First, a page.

Meniere’s Disease is an inner ear disorder which affects hearing and balance. Individuals who suffer from Meniere’s Disease also generally experience recurring episodes of dizziness, tinnitus, and progressive hearing loss. Meniere’s Disease usually affects only one ear and is caused by an increase in volume and pressure of the fluid (endolymph) in the inner ear. In 15% of patients, both ears may be affected.
Not all individuals who suffer from Meniere’s Disease experience the same symptoms. Classic Meniere’s Disease is considered to consist of the following four symptoms:
- Sporadic episodes of vertigo or dizziness. This can range from motion sickness to vertigo so severe that the patient has completely lost all control of their vestibular (balance) system;
- Fluctuating, progressive, unilateral (in one ear) or bilateral (in both ears) sensorineural hearing loss, often initially beginning in the lower frequency ranges;
- Unilateral or bilateral tinnitus, the sensation of noise even in a quiet environment, often consisting of a high pitched squeal or ringing;
- A sensation of fullness or pressure in one or both ears.
Attacks of vertigo can be incapacitating and severe. Episodes of vertigo can last for hours, and may be accompanied by an increase in the loudness of tinnitus and a greater sense of hearing loss. Vertigo can cause nausea, vomiting and occasionally “drop attacks” which is a sudden onset of severe vertigo so severe that it causes the patient to fall. Drop attacks are a medical emergency and must be treated immediately to prevent injury to the patient and/or others.
Loss of hearing acuity can be coupled with sounds that seem distorted or unusually loud. Some individuals experience nystagmus, which is an uncontrollable jerking movement of the eye. Other individuals report short term memory loss, forgetfulness and confusion. In addition to these symptoms, other individuals report exhaustion, drowsiness, headaches, vision problems and depression.
Meniere’s Disease is related to Endolymphatic Hydrops (excess fluid in the inner ear). As fluid pressure builds, patients experience a sense of fullness in the ear associated with increasing tinnitus. If severe enough levels of fluid pressure are reached, delicate membranes of the inner ear may rupture producing the abrupt onset of vertigo. Many causes of elevated fluid pressure exists and may include, among others, immune system related causes, otosclerosis, viral infections, chronic infections of the ear or other body systems, etc. In most cases of Meniere’s Disease the cause is unknown.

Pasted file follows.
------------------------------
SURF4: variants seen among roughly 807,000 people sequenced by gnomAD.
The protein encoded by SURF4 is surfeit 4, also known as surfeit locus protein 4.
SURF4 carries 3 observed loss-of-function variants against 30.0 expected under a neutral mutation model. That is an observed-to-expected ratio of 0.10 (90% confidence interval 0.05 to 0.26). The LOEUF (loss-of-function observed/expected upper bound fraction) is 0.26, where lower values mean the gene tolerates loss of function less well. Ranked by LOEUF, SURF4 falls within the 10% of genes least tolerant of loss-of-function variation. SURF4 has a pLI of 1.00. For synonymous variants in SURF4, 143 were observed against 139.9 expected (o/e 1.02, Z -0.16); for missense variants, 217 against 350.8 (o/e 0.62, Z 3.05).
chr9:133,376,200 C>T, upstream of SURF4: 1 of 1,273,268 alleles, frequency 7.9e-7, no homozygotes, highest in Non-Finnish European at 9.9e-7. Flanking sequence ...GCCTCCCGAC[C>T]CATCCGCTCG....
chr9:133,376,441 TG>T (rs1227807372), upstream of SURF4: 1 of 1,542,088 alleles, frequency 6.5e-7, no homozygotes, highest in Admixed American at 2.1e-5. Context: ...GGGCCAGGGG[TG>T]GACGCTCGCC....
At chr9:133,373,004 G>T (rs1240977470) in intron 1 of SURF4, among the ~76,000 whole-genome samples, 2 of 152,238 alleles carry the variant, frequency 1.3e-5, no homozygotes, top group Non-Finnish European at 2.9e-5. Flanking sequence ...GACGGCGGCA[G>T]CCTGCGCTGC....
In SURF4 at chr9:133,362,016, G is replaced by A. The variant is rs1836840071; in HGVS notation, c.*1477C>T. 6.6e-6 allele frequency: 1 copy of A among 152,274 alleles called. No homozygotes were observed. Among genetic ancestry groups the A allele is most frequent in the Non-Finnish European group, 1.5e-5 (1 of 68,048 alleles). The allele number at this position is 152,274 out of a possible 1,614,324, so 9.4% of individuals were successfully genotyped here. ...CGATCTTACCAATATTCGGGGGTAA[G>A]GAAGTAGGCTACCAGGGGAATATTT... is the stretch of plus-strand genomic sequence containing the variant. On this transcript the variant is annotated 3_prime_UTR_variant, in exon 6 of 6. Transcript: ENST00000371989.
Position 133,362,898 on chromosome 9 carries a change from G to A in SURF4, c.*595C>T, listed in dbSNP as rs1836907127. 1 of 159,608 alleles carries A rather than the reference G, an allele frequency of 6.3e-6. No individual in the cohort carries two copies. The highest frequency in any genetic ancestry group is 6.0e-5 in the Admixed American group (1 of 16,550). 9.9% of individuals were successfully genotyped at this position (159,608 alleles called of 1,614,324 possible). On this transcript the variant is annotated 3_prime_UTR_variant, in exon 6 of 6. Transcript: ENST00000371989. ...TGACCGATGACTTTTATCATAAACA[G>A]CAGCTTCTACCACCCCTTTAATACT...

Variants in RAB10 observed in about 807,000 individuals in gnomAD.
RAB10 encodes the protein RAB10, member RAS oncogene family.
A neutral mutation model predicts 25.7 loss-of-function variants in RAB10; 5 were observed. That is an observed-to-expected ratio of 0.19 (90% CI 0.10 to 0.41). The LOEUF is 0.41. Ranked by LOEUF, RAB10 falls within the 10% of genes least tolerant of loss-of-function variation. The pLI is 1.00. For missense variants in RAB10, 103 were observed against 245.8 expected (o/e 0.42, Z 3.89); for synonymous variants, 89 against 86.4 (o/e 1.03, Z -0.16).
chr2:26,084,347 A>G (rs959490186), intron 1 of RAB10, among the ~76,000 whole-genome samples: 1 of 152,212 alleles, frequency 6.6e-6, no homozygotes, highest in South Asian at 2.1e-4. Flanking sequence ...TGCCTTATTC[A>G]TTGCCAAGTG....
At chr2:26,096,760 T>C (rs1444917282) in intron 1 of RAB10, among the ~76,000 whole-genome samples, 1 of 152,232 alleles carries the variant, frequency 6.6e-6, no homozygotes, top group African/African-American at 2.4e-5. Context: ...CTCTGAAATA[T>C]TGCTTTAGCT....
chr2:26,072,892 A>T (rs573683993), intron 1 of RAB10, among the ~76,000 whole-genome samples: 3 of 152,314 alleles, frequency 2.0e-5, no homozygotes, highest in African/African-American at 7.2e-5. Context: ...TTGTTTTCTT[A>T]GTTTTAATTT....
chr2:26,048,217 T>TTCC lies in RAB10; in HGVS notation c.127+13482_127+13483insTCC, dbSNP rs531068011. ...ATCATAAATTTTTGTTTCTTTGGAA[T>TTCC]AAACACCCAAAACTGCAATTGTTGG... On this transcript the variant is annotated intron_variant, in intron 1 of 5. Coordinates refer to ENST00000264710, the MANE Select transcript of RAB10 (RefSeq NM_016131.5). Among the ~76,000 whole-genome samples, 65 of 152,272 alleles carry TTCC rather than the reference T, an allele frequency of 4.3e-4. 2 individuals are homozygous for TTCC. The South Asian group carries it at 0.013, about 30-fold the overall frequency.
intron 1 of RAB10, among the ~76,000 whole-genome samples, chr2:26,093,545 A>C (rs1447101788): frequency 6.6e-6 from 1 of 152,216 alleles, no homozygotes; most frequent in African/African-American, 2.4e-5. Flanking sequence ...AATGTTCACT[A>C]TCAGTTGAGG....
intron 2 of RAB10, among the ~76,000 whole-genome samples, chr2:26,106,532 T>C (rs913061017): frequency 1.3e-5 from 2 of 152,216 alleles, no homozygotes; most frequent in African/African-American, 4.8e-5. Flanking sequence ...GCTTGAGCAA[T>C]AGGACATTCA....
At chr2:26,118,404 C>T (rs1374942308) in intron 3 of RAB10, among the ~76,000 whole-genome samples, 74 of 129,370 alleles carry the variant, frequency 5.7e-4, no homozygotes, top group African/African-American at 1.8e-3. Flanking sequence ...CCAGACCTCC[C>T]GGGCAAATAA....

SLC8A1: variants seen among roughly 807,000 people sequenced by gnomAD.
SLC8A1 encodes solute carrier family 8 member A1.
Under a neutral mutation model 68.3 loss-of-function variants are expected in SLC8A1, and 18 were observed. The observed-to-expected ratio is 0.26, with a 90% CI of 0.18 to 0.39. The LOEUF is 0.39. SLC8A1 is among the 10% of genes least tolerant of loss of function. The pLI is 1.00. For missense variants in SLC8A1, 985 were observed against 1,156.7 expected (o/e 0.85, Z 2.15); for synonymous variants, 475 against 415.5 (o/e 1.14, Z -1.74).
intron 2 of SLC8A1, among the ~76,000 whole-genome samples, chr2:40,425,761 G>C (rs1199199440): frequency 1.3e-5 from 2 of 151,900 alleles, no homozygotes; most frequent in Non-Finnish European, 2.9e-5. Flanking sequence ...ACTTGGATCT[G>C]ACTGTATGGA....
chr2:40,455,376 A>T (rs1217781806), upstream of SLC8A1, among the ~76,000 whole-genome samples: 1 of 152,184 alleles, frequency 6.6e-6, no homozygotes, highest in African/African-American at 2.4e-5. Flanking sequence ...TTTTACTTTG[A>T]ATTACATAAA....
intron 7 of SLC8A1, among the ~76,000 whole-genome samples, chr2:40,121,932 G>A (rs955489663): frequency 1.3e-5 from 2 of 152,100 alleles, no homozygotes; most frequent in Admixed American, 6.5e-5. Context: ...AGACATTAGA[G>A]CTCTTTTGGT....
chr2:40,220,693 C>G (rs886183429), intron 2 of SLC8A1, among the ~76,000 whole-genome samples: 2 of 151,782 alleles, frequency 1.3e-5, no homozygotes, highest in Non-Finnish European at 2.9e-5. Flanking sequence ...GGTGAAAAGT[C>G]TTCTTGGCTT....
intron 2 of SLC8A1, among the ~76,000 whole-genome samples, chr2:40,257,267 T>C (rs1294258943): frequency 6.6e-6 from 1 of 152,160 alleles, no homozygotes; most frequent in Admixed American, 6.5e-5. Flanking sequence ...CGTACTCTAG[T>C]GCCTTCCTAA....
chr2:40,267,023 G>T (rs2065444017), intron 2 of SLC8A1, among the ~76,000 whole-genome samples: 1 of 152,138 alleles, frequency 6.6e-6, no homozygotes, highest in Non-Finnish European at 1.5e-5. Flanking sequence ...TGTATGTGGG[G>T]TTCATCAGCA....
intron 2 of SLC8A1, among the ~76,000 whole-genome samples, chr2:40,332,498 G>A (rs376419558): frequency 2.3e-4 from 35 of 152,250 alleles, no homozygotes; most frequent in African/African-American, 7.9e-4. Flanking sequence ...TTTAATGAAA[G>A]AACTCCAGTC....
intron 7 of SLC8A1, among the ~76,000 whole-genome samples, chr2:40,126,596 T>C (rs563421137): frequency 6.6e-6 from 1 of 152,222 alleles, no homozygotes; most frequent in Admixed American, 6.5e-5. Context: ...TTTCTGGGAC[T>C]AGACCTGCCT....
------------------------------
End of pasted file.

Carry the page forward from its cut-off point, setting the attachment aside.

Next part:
A Meniere’s Disease diagnosis is usually established by an individual’s medical history coupled with a detailed otoneurological examination, audiometric testing and magnetic resonance imaging (MRI). There remains no perfect, objective diagnostic test for Meniere’s Disease.
The treatment for Meniere’s Disease differs from patient to patient. In many patients, dietary modifications in the form of low salt diets plus diuretic therapy to lower inner ear fluid pressure can reduce symptoms. Additionally, Meniere’s symptoms can also be improved by the treatment of exacerbating medical conditions (such as treatment of environmental allergies, migraines, chronic medical conditions, middle ear conditions and many others), and vestibular suppressant therapy using medications .
In others, second line therapy in the form of the Menniett Device, Intratympanic Steroids, Intratympanic Gentamicin, or Endolymphatic Shunt Surgery are needed to control symptoms. If other methods fail, surgery to eliminate the ability of the balance nerve to send signals to the brain is needed. These surgeries include labyrinthectomy and vestibular nerve section. Hearing loss associated with Meniere’s Disease can be ameliorated through the use of hearing aids, BAHA implantation, or in the case of individuals with bilateral Meniere’s Disease, cochlear implants.
The progression of Meniere’s Disease is unpredictable. Symptoms may become more severe, remain the same, or disappear completely. Treatment is very individualized and begins with a thorough work up and evaluation followed by a treatment plan.
If you or a loved one are concerned you may be suffering from Meniere's Disease, please contact us today to schedule an initial consultation.